Owners of Yahoo Music accounts, take note. In line with the company's plan to terminate its Yahoo Music Unlimited service, Yahoo intends to shut down its digital rights management authentication servers on September 30. As PC World reports, that means users won't be able to listen to music files they purchased if they change PCs or upgrade their operating systems.
Yahoo did arrange a transition, whereby customers will be able to buy music from the Rhapsody service at the same prices once Yahoo Music Unlimited goes dark. However, that switchover apparently doesn't cover DRM. PC World says Yahoo has advised users in an e-mail to burn their DRM-protected music to CDs, so they can access it later without authentication issues getting in the way.
Aside from the obvious logistical inconvenience of burning one's music collection to 80-minute CDs, Yahoo's suggestion could also get customers in trouble, according to Electronic Frontier Foundation attorney Corynne McSherry. She explains in a blog post, "This suggestion could put customers at legal risk, as they may not have documentation of purchase. . . . Furthermore, there is no certainty that all relevant copyright owners would agree that making such backup copies without permission is lawful." McSherry says Yahoo should offer to refund customers, offer DRM-free replacement tracks, and give them proofs of purchase.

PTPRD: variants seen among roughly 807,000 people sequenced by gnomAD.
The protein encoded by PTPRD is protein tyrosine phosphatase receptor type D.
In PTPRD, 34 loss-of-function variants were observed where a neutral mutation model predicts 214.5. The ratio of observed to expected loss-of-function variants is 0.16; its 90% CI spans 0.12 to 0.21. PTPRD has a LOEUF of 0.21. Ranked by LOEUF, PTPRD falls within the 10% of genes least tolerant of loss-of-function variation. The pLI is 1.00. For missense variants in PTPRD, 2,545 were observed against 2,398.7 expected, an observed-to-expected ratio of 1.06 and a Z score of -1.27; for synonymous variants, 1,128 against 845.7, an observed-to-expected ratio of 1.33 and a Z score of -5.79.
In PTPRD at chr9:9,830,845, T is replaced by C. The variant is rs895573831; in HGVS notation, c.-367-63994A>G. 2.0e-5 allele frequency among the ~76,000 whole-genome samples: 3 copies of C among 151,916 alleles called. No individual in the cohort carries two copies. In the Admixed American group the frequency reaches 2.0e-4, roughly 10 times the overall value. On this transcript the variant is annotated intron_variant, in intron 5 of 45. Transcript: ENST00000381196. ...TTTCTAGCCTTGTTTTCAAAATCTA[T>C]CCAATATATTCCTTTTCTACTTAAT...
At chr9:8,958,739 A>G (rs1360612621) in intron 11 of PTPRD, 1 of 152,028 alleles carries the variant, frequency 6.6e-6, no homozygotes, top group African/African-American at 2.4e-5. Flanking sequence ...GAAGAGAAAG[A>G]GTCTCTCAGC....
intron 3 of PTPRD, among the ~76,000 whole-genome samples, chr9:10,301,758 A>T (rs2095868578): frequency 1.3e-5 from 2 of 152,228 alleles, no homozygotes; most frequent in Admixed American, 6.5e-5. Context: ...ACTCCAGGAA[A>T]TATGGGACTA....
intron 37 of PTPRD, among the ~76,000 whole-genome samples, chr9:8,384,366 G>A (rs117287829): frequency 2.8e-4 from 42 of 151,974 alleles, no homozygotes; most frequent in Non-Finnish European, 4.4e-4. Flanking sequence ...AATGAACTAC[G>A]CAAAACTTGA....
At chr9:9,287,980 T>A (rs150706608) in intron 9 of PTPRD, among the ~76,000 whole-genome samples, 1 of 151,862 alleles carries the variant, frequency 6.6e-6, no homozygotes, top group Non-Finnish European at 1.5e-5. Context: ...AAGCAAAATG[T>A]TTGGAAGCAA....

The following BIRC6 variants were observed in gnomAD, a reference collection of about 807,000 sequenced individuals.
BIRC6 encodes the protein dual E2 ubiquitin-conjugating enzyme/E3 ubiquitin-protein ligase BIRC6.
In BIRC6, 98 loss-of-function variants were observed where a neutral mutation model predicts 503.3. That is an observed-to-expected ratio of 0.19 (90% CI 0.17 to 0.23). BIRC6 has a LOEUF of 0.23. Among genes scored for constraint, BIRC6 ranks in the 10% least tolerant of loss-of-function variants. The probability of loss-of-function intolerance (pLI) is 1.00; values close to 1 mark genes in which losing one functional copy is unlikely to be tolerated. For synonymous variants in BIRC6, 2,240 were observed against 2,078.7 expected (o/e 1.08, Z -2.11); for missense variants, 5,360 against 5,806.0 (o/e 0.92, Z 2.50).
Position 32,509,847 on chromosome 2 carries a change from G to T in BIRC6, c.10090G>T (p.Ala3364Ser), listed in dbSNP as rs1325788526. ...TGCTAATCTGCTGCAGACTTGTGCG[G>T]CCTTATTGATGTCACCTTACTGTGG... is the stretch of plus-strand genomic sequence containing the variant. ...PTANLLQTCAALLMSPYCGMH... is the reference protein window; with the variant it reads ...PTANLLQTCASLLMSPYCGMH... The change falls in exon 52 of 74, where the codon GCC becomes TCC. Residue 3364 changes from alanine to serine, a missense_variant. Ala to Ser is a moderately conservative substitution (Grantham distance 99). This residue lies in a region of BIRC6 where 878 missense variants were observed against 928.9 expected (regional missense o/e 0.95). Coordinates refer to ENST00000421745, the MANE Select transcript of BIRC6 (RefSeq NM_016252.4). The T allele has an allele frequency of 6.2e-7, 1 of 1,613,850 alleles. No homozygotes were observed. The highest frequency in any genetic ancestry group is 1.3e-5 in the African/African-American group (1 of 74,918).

|Intel's 3D NAND has 32 layers and 256Gb per die||17|
|Telltale's Game of Thrones game looks pretty good||9|
|TR's November 2014 mobile staff picks||16|
|Join us tonight at 8:30pm CST for the TR Podcast live||6|
|Samsung to intro FreeSync-enabled UHD monitors in March 2015||30|
|AMD's Carrizo APU is coming in mid-2015, will share package with Beema successor||49|
|Acer's new 27'' G-Sync monitor scales up to 144Hz||23|
|Finally light bulb's Tesla tech gives LEDs a worthy rival||47|